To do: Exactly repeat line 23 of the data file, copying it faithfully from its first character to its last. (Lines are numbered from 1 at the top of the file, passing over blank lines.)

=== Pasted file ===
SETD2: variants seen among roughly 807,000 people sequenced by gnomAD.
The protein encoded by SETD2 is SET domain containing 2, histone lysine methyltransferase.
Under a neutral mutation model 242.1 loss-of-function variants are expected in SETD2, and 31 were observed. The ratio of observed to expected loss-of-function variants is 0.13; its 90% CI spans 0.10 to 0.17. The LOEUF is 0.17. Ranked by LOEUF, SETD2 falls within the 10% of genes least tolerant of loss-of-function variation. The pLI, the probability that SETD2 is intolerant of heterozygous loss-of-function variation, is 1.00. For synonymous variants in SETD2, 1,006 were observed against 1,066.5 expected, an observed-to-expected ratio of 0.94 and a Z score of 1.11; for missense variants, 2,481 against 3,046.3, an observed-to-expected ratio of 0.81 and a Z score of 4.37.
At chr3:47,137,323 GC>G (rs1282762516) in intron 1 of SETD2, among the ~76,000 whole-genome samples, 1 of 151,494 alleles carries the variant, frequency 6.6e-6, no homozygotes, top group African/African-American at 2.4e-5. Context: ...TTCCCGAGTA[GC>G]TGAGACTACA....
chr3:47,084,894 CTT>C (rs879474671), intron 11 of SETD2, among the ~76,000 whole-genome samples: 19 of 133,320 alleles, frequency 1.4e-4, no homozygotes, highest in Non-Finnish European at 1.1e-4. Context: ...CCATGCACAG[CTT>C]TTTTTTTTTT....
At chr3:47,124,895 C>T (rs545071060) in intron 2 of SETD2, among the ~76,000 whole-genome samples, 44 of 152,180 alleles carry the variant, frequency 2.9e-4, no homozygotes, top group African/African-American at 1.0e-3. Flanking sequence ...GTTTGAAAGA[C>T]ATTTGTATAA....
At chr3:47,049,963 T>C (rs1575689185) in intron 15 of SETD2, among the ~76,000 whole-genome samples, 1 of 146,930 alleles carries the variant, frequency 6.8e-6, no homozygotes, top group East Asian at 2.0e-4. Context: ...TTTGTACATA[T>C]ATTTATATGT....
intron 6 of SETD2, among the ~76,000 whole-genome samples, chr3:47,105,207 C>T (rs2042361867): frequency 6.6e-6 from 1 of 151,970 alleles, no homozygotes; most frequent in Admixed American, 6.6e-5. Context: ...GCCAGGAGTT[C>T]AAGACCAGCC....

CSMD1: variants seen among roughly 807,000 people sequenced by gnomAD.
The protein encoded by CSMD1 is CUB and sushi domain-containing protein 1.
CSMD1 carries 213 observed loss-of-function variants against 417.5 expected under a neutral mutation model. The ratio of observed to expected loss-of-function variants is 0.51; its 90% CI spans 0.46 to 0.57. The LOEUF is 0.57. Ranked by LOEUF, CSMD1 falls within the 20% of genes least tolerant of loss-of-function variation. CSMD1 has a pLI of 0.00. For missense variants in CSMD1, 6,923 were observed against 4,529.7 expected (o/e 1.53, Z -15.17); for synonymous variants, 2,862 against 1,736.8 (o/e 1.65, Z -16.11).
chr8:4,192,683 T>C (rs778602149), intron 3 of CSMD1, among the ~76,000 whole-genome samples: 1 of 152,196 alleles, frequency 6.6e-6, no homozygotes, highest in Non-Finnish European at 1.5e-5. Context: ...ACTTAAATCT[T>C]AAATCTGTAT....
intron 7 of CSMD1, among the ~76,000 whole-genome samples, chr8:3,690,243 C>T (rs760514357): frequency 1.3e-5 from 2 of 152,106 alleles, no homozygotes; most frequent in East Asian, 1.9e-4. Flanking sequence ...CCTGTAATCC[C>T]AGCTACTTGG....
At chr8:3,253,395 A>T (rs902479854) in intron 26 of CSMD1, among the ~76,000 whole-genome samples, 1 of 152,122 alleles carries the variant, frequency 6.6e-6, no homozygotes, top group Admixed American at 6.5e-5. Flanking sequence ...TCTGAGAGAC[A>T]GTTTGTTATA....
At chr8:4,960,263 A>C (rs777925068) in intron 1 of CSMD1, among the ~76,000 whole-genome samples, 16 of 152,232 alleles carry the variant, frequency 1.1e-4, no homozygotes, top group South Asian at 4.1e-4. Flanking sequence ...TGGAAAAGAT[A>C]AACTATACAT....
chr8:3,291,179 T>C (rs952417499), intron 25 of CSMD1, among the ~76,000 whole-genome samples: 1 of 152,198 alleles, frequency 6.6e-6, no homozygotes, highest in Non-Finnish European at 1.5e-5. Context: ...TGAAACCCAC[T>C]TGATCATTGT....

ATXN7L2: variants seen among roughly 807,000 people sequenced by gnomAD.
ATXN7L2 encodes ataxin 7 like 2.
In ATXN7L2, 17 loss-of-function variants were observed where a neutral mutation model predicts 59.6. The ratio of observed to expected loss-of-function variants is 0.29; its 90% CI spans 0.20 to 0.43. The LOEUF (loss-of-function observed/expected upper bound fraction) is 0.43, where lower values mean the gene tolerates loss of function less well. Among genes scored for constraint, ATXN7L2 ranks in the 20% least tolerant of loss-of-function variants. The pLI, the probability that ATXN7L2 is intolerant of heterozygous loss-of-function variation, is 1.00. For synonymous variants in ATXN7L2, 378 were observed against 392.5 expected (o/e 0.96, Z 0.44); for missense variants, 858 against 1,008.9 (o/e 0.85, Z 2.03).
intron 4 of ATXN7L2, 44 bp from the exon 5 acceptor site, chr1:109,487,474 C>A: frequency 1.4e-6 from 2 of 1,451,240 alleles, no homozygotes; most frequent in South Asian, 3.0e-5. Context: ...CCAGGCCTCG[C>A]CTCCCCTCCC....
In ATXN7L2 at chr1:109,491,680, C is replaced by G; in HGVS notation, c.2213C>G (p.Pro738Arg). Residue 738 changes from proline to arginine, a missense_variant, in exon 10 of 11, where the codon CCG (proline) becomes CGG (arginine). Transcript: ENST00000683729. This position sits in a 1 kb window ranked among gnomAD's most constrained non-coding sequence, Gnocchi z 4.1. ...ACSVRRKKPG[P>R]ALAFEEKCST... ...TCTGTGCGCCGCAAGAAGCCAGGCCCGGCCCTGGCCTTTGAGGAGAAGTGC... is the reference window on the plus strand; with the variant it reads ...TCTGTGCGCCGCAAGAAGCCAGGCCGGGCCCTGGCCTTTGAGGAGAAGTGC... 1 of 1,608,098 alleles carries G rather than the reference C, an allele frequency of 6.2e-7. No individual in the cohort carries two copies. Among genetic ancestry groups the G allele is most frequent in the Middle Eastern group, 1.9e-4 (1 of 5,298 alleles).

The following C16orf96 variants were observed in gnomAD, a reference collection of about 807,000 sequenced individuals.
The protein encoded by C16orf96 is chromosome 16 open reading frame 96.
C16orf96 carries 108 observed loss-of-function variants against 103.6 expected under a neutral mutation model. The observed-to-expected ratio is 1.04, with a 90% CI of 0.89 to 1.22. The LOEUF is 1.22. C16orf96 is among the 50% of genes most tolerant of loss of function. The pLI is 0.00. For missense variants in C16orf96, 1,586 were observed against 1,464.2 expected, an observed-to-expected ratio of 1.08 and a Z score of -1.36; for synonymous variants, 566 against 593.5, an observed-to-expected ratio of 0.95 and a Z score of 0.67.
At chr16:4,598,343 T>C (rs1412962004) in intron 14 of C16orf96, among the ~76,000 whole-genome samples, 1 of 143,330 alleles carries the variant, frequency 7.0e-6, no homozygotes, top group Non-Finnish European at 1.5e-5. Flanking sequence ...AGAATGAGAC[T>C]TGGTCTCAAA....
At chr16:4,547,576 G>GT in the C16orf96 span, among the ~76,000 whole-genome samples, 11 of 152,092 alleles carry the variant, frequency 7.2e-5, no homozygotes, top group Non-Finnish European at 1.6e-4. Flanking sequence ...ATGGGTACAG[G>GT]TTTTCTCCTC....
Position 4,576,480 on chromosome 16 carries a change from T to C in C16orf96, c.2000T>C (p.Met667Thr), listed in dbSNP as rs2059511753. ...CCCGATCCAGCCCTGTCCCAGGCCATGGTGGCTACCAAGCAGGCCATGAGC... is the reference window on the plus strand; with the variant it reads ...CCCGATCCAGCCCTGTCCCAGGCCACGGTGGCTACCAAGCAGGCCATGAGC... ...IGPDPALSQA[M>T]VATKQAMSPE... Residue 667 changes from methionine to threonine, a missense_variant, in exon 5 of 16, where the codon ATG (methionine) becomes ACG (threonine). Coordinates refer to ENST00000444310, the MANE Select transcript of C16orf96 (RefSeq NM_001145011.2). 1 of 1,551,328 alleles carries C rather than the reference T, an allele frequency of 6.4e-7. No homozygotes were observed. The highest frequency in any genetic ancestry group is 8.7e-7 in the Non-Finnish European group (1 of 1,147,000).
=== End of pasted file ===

The protein encoded by C16orf96 is chromosome 16 open reading frame 96.